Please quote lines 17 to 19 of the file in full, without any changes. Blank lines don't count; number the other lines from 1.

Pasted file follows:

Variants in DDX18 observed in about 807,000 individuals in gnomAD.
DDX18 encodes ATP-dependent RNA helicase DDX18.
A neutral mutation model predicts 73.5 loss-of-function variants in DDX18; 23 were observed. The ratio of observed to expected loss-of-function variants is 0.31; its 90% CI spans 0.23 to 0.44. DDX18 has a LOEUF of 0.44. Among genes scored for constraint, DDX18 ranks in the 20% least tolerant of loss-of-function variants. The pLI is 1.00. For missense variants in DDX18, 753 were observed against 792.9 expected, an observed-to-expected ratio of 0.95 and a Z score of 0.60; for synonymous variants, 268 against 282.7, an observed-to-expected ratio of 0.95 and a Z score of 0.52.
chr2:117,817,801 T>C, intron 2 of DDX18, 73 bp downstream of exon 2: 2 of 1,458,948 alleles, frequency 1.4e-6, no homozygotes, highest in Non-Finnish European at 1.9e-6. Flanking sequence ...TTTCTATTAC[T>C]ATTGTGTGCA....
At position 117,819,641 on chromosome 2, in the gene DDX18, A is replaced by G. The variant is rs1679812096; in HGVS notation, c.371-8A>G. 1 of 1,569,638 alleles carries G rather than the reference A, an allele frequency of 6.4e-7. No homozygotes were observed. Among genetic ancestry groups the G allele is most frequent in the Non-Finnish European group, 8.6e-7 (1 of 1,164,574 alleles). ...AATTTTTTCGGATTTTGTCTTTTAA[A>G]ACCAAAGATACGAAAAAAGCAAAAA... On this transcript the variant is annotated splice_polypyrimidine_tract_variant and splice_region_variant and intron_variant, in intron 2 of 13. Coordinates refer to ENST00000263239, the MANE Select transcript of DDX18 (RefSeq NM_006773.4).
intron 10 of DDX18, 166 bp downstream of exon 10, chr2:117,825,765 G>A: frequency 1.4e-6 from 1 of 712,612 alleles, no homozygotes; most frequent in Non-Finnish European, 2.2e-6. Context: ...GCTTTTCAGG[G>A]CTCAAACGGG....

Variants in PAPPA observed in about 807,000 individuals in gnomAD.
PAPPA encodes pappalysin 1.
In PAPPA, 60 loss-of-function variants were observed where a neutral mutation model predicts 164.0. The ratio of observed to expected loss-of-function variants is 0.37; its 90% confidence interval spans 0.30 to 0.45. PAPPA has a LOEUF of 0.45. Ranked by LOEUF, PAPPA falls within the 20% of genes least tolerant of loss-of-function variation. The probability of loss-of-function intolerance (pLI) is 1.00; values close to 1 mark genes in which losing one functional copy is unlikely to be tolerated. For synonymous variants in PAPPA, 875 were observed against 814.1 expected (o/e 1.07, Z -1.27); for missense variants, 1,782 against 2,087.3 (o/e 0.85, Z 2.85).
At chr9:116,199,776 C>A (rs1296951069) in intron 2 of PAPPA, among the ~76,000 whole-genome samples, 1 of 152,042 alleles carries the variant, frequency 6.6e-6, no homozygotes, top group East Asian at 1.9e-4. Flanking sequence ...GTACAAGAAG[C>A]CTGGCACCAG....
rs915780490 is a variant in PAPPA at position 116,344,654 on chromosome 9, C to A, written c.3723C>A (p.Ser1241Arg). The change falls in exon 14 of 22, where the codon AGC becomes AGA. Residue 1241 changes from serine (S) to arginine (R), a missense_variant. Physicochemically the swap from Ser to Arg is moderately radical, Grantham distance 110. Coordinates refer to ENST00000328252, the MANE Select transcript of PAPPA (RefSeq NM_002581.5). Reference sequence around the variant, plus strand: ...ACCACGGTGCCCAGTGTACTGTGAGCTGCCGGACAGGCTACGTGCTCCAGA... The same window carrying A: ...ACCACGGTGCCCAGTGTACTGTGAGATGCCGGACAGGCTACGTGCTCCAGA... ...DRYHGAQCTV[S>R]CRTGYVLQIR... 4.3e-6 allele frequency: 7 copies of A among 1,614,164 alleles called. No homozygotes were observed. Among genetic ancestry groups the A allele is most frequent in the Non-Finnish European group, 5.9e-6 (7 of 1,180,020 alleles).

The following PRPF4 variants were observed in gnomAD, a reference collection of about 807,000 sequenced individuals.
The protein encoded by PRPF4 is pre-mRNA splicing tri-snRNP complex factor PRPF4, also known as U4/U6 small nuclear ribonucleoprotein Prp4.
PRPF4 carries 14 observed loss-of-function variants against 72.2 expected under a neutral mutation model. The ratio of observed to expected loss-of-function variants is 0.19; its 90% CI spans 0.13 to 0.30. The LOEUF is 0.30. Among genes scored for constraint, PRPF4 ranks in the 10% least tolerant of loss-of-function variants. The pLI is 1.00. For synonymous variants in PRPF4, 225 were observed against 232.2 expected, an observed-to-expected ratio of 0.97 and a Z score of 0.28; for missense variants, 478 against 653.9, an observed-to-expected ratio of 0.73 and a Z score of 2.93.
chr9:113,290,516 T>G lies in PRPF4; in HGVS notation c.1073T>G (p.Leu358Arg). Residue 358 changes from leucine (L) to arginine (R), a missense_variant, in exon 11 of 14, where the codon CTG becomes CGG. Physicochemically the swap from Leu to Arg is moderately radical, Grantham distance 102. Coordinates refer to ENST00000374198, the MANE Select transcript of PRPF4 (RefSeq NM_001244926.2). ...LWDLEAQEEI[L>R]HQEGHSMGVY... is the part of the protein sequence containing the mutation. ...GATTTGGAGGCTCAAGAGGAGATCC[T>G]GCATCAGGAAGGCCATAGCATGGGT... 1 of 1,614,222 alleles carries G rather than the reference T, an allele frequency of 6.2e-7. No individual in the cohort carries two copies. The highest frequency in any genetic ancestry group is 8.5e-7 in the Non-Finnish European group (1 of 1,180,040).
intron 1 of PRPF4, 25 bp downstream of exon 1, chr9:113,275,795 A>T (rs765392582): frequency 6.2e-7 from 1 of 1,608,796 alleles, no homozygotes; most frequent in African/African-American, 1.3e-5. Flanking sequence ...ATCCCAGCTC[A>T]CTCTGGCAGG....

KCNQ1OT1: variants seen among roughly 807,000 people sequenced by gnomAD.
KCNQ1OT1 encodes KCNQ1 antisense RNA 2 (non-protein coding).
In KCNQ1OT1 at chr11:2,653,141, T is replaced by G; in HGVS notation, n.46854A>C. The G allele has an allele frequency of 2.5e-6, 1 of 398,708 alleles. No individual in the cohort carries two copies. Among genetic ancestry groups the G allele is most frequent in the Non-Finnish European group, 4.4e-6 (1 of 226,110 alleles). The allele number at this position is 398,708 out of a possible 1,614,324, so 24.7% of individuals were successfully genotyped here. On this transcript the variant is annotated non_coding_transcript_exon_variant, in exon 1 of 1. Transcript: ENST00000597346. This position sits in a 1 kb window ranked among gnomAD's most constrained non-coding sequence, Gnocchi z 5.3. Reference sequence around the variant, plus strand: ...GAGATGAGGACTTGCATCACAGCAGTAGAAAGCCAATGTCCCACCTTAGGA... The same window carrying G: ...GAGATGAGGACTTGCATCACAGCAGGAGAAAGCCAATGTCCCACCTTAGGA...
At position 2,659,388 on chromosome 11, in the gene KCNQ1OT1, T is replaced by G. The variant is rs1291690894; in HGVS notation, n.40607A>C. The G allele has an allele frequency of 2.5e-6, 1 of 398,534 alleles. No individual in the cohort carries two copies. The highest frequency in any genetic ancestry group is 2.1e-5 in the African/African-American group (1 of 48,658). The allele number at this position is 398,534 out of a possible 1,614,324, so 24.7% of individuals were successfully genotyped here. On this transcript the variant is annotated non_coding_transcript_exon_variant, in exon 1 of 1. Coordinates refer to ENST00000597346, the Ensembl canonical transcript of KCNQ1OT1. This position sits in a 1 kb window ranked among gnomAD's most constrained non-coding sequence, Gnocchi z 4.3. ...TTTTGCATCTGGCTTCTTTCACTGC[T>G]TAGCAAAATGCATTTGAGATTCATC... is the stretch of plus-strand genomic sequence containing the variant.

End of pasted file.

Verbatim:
KCNQ1OT1: variants seen among roughly 807,000 people sequenced by gnomAD.
KCNQ1OT1 encodes KCNQ1 antisense RNA 2 (non-protein coding).
In KCNQ1OT1 at chr11:2,653,141, T is replaced by G; in HGVS notation, n.46854A>C. The G allele has an allele frequency of 2.5e-6, 1 of 398,708 alleles. No individual in the cohort carries two copies. Among genetic ancestry groups the G allele is most frequent in the Non-Finnish European group, 4.4e-6 (1 of 226,110 alleles). The allele number at this position is 398,708 out of a possible 1,614,324, so 24.7% of individuals were successfully genotyped here. On this transcript the variant is annotated non_coding_transcript_exon_variant, in exon 1 of 1. Transcript: ENST00000597346. This position sits in a 1 kb window ranked among gnomAD's most constrained non-coding sequence, Gnocchi z 5.3. Reference sequence around the variant, plus strand: ...GAGATGAGGACTTGCATCACAGCAGTAGAAAGCCAATGTCCCACCTTAGGA... The same window carrying G: ...GAGATGAGGACTTGCATCACAGCAGGAGAAAGCCAATGTCCCACCTTAGGA...